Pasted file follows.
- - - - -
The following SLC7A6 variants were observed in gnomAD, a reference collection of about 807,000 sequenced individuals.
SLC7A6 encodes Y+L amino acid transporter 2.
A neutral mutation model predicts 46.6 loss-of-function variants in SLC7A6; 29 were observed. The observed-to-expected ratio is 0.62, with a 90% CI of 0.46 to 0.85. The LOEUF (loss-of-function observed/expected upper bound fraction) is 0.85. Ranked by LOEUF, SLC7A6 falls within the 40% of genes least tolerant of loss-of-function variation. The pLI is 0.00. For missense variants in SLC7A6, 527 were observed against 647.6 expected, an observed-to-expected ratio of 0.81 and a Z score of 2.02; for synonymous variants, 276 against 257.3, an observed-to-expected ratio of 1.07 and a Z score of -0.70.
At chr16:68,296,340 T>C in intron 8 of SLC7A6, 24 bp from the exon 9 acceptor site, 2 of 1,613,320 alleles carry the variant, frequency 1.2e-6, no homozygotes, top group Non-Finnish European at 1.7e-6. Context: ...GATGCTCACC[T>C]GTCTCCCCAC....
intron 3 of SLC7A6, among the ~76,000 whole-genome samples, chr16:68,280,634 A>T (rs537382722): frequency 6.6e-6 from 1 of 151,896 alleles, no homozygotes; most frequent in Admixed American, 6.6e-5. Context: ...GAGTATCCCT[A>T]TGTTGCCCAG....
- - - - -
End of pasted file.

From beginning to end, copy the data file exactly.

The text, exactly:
The following SLC7A6 variants were observed in gnomAD, a reference collection of about 807,000 sequenced individuals.
SLC7A6 encodes Y+L amino acid transporter 2.
A neutral mutation model predicts 46.6 loss-of-function variants in SLC7A6; 29 were observed. The observed-to-expected ratio is 0.62, with a 90% CI of 0.46 to 0.85. The LOEUF (loss-of-function observed/expected upper bound fraction) is 0.85. Ranked by LOEUF, SLC7A6 falls within the 40% of genes least tolerant of loss-of-function variation. The pLI is 0.00. For missense variants in SLC7A6, 527 were observed against 647.6 expected, an observed-to-expected ratio of 0.81 and a Z score of 2.02; for synonymous variants, 276 against 257.3, an observed-to-expected ratio of 1.07 and a Z score of -0.70.
At chr16:68,296,340 T>C in intron 8 of SLC7A6, 24 bp from the exon 9 acceptor site, 2 of 1,613,320 alleles carry the variant, frequency 1.2e-6, no homozygotes, top group Non-Finnish European at 1.7e-6. Context: ...GATGCTCACC[T>C]GTCTCCCCAC....
intron 3 of SLC7A6, among the ~76,000 whole-genome samples, chr16:68,280,634 A>T (rs537382722): frequency 6.6e-6 from 1 of 151,896 alleles, no homozygotes; most frequent in Admixed American, 6.6e-5. Context: ...GAGTATCCCT[A>T]TGTTGCCCAG....